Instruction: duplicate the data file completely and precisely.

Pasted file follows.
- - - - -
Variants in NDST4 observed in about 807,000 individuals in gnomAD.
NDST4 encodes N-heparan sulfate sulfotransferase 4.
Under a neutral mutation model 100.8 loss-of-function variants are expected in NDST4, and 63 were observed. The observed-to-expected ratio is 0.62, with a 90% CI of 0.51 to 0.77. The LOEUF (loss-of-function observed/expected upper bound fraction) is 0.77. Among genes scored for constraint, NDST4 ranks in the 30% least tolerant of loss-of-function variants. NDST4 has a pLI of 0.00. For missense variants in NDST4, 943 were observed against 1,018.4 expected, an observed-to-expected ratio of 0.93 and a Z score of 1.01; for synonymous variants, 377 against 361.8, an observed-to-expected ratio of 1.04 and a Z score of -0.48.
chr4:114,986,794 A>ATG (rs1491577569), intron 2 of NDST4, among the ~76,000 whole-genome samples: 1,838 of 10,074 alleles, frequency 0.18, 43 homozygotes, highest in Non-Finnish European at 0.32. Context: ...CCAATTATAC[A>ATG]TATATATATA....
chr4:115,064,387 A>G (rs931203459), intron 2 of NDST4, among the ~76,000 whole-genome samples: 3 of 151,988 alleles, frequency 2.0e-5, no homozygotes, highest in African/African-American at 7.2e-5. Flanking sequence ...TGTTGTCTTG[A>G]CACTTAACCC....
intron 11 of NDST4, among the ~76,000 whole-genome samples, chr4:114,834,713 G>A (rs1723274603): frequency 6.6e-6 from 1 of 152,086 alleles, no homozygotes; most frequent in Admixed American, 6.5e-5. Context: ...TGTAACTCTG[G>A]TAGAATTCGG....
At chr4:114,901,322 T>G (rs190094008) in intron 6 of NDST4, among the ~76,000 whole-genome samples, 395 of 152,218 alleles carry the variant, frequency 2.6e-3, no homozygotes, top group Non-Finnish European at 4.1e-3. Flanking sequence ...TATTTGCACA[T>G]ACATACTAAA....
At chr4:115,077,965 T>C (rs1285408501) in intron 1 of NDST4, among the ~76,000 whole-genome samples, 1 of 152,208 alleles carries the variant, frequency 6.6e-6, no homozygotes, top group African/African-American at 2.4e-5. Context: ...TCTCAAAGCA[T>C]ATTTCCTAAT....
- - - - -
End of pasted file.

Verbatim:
Variants in NDST4 observed in about 807,000 individuals in gnomAD.
NDST4 encodes N-heparan sulfate sulfotransferase 4.
Under a neutral mutation model 100.8 loss-of-function variants are expected in NDST4, and 63 were observed. The observed-to-expected ratio is 0.62, with a 90% CI of 0.51 to 0.77. The LOEUF (loss-of-function observed/expected upper bound fraction) is 0.77. Among genes scored for constraint, NDST4 ranks in the 30% least tolerant of loss-of-function variants. NDST4 has a pLI of 0.00. For missense variants in NDST4, 943 were observed against 1,018.4 expected, an observed-to-expected ratio of 0.93 and a Z score of 1.01; for synonymous variants, 377 against 361.8, an observed-to-expected ratio of 1.04 and a Z score of -0.48.
chr4:114,986,794 A>ATG (rs1491577569), intron 2 of NDST4, among the ~76,000 whole-genome samples: 1,838 of 10,074 alleles, frequency 0.18, 43 homozygotes, highest in Non-Finnish European at 0.32. Context: ...CCAATTATAC[A>ATG]TATATATATA....
chr4:115,064,387 A>G (rs931203459), intron 2 of NDST4, among the ~76,000 whole-genome samples: 3 of 151,988 alleles, frequency 2.0e-5, no homozygotes, highest in African/African-American at 7.2e-5. Flanking sequence ...TGTTGTCTTG[A>G]CACTTAACCC....
intron 11 of NDST4, among the ~76,000 whole-genome samples, chr4:114,834,713 G>A (rs1723274603): frequency 6.6e-6 from 1 of 152,086 alleles, no homozygotes; most frequent in Admixed American, 6.5e-5. Context: ...TGTAACTCTG[G>A]TAGAATTCGG....
At chr4:114,901,322 T>G (rs190094008) in intron 6 of NDST4, among the ~76,000 whole-genome samples, 395 of 152,218 alleles carry the variant, frequency 2.6e-3, no homozygotes, top group Non-Finnish European at 4.1e-3. Flanking sequence ...TATTTGCACA[T>G]ACATACTAAA....
At chr4:115,077,965 T>C (rs1285408501) in intron 1 of NDST4, among the ~76,000 whole-genome samples, 1 of 152,208 alleles carries the variant, frequency 6.6e-6, no homozygotes, top group African/African-American at 2.4e-5. Context: ...TCTCAAAGCA[T>C]ATTTCCTAAT....